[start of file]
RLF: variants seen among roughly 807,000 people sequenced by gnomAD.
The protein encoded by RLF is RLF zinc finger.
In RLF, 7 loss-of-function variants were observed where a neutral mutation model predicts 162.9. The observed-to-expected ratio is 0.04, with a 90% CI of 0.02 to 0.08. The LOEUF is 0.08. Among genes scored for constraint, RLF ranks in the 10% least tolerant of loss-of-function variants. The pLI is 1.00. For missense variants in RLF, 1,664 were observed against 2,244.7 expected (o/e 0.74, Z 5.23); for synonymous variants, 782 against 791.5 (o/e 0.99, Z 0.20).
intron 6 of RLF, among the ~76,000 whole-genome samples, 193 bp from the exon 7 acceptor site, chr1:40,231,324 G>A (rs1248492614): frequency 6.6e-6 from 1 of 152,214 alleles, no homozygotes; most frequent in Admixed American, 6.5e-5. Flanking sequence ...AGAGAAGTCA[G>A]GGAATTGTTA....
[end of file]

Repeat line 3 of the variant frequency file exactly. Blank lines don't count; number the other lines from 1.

In RLF, 7 loss-of-function variants were observed where a neutral mutation model predicts 162.9. The observed-to-expected ratio is 0.04, with a 90% CI of 0.02 to 0.08. The LOEUF is 0.08. Among genes scored for constraint, RLF ranks in the 10% least tolerant of loss-of-function variants. The pLI is 1.00. For missense variants in RLF, 1,664 were observed against 2,244.7 expected (o/e 0.74, Z 5.23); for synonymous variants, 782 against 791.5 (o/e 0.99, Z 0.20).